The margay or tree ocelot is a “small, long-tailed, smooth-skulled representative of the ocelot” (R.I. Pocock) that is intermediate in size between the ocelot and the oncilla. All three cats have very similar markings. The margay is smaller and more slimly built than the ocelot and has a longer tail. Margay fur is of medium length – soft, and thick. The background color is yellowish-brown to clay-brown on the back and sides and white to buff on the belly and under parts. The fur is marked with dark brown or black, pale-centered, open spots and streaks arranged in longitudinal rows. The tail is long and bushy, with about 12 dark rings and a blackish tip.
The margay can be found in the lowlands of northern Mexico, through Central America, and into South America. Within this range, the species is closely tied to primary forest (tropical dry forest, very humid tropical evergreen forest, very humid premontane forest, and montane cloud forest.
The margay is known for its distinct acrobatic skills and preference for heights. Unlike most cat species, the margay does most of its hunting above ground, preying on arboreal and nocturnal prey, such as rodents, birds, and insects. It is also known to eat fruit. It rests in trees during the day (at least seven feet off of the ground) and is an agile climber and leaper. A margay can ricochet off objects in mid-leap, jump eight feet straight into the air and 12 feet horizontally, and climb down a branch headfirst. It can even hang by its hind feet while manipulating an object with its front feet.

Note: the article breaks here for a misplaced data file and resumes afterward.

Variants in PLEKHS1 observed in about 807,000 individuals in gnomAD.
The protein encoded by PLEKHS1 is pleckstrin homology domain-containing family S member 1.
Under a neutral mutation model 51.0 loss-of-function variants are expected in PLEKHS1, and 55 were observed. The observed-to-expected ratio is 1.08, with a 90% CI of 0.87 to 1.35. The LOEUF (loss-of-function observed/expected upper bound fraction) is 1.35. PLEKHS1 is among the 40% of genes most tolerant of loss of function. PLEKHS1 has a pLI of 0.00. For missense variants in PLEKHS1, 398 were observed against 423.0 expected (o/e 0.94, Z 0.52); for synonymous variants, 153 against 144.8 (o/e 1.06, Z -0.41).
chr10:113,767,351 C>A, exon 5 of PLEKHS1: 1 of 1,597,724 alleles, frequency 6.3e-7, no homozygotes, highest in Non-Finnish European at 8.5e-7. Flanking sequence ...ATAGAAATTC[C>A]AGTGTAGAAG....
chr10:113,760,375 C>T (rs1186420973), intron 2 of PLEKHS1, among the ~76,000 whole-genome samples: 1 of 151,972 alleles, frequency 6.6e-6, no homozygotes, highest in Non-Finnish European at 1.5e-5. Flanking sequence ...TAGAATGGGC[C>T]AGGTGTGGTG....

Population estimates for the margay are inexact. Data suggest that margays live at much lower densities than ocelots. This is due to the margay’s arboreal lifestyle. The species is very dependent on forested habitats and very sensitive to deforestation. Habitat loss due to deforestation is now considered to be the major threat to the species. The margay is classified as Least Concern (LC) by the International Union for Conservation of Nature (IUCN) and is listed under appendix I of the Convention on International Trade in Endangered Species (CITES).
Photo above courtesy of John Abbott.
• Lifespan- Up to 20 years (captivity); 12-14 years (wild)
• Weight- 3-9 kg
• Body Measurements- Total Length: 86-130 cm; Height: 35-50 cm
• Status (IUCN)- Least Concern (LC)